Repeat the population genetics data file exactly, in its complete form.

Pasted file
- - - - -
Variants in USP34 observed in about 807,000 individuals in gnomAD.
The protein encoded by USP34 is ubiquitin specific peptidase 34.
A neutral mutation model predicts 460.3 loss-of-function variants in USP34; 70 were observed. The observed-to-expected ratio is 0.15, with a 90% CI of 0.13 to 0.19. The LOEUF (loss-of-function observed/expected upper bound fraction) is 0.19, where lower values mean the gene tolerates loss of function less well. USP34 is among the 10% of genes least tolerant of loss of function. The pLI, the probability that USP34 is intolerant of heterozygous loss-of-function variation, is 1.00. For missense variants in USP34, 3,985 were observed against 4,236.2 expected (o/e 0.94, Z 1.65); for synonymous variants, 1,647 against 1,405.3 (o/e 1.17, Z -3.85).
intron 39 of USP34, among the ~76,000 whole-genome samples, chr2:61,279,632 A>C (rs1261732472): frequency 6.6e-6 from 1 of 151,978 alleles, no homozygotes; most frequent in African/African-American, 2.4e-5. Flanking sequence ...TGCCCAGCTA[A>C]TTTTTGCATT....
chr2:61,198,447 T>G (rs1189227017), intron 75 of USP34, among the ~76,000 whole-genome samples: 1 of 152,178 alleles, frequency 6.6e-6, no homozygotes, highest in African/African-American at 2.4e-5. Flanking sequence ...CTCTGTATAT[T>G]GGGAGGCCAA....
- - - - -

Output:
Variants in USP34 observed in about 807,000 individuals in gnomAD.
The protein encoded by USP34 is ubiquitin specific peptidase 34.
A neutral mutation model predicts 460.3 loss-of-function variants in USP34; 70 were observed. The observed-to-expected ratio is 0.15, with a 90% CI of 0.13 to 0.19. The LOEUF (loss-of-function observed/expected upper bound fraction) is 0.19, where lower values mean the gene tolerates loss of function less well. USP34 is among the 10% of genes least tolerant of loss of function. The pLI, the probability that USP34 is intolerant of heterozygous loss-of-function variation, is 1.00. For missense variants in USP34, 3,985 were observed against 4,236.2 expected (o/e 0.94, Z 1.65); for synonymous variants, 1,647 against 1,405.3 (o/e 1.17, Z -3.85).
intron 39 of USP34, among the ~76,000 whole-genome samples, chr2:61,279,632 A>C (rs1261732472): frequency 6.6e-6 from 1 of 151,978 alleles, no homozygotes; most frequent in African/African-American, 2.4e-5. Flanking sequence ...TGCCCAGCTA[A>C]TTTTTGCATT....
chr2:61,198,447 T>G (rs1189227017), intron 75 of USP34, among the ~76,000 whole-genome samples: 1 of 152,178 alleles, frequency 6.6e-6, no homozygotes, highest in African/African-American at 2.4e-5. Flanking sequence ...CTCTGTATAT[T>G]GGGAGGCCAA....